When teaching about the change of the oblata of bread and wine into the Body and Blood of Christ, St. Ambrose recalls the fiery victory of Elijah over the prophets of Baal, saying, “For that sacrament which you receive is made what it is by the word of Christ. But if the word of Elijah had such power as to bring down fire from heaven, shall not the word of Christ have power to change the nature of the elements?”
Elijah speaks and God acts, consuming his offering in the sight of Israel; the priest speaks, and God acts, consuming the gifts of bread and wine in a total change of being such that they become the holocaust of Christ’s theophoric Body and Blood.
After his victory Elijah flees persecution, dwelling in the desert as a fugitive. An angel finds him there and brings him bread and water as food for the journey to Horeb, the mountain of God. At Horeb Elijah has his famous theophany: not in the wind that tears the rocks, not in the earthquake that breaks them, not in the fire scorching them, but in a tiny whisper—at which he covers his face before the God of glory. Elijah heard a whisper and recognized the God of Israel; we taste bread and wine passing over the tongue like a sigh, but confess the Word made flesh. Elijah’s food is a type of the Eucharist, the food of pilgrimage and the pledge of glory, a foretaste of heaven. In every other instance food is a means to keep living; this food contains life’s goal, Life himself: “I am the living bread which came down from heaven; if anyone eats this bread, he will live forever; and the bread which I shall give for the life of the world is my flesh.”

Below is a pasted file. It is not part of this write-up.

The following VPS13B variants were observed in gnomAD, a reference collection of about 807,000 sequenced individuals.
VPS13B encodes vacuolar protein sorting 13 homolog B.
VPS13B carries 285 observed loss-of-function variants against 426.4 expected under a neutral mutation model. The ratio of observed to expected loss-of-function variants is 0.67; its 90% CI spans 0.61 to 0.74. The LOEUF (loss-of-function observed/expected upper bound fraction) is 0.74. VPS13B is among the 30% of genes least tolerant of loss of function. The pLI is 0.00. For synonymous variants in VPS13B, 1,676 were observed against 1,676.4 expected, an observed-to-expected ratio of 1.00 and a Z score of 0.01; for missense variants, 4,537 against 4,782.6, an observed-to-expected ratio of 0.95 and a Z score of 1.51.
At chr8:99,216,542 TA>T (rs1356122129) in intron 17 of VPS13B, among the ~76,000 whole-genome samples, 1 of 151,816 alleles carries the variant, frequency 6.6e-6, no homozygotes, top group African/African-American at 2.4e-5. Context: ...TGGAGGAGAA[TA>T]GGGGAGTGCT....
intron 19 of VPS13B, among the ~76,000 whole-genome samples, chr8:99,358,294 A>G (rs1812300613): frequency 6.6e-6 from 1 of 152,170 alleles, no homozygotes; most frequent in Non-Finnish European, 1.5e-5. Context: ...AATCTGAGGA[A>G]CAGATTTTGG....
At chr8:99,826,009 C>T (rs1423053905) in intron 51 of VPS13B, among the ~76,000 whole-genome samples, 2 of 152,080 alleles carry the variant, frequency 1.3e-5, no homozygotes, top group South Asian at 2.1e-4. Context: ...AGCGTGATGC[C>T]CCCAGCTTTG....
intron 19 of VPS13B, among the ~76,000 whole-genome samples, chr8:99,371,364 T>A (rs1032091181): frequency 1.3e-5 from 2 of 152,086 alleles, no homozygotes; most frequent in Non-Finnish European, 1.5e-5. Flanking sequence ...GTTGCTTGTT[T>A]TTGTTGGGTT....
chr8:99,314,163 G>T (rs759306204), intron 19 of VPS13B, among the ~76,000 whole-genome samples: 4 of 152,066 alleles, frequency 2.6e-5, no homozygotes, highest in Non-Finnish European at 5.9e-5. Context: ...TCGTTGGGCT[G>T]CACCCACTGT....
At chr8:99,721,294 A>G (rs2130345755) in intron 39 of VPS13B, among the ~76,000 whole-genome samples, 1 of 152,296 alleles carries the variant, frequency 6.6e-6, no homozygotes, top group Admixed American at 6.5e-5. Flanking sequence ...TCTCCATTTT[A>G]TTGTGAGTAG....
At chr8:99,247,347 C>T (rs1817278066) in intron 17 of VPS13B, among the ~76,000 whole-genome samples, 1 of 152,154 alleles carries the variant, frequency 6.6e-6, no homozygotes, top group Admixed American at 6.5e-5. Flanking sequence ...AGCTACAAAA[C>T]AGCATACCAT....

Eschatology is a keynote of the Sacrament. St. Ignatius of Antioch calls it “the medicine of immortality and the antidote against death, enabling us to live forever in Jesus Christ.” St. Irenaeus insists that “our bodies, when they receive the Eucharist, are no longer corruptible, having the hope of the resurrection to eternity.” St. Thomas teaches that “in this sacrament the Word is present not only according to his divinity, but also according to the truth of his flesh. Thus, he is the cause not only of the resurrection of souls, but also of bodies.” The ultimate effect of the Eucharist in us is resurrection and glory.
In this, the Eucharist is the sacrament of hope—something the world desperately needs. It unites us to him who as our hope has gone before us, strengthening us on our pilgrimage. It “grants us the power to come to glory,” like the food and drink of Elijah who “walked in the strength of that food forty days and forty nights to the mountain of God.”
There, we shall meet neither tempest, nor earthquake, nor fire, nor whisper, but God’s self. We shall see him as he is, and this sight shall redound to our risen bodies, filling them with the same glory which once descended upon Sinai.
 St. Ambrose of Milan, On the Mysteries 9.59.
 John 6: 51.
 St. Ignatius of Antioch, Letter to the Ephesians, 20
 St. Irenaeus of Lyons, Against Heresies, IV. 5.
 St. Thomas Aquinas, Commentary on the Gospel of John, 6:55 [lectio VII. 973].
 St. Thomas Aquinas, Summa theologiae, IIIa, q. 79, a. 2, ad 1um.
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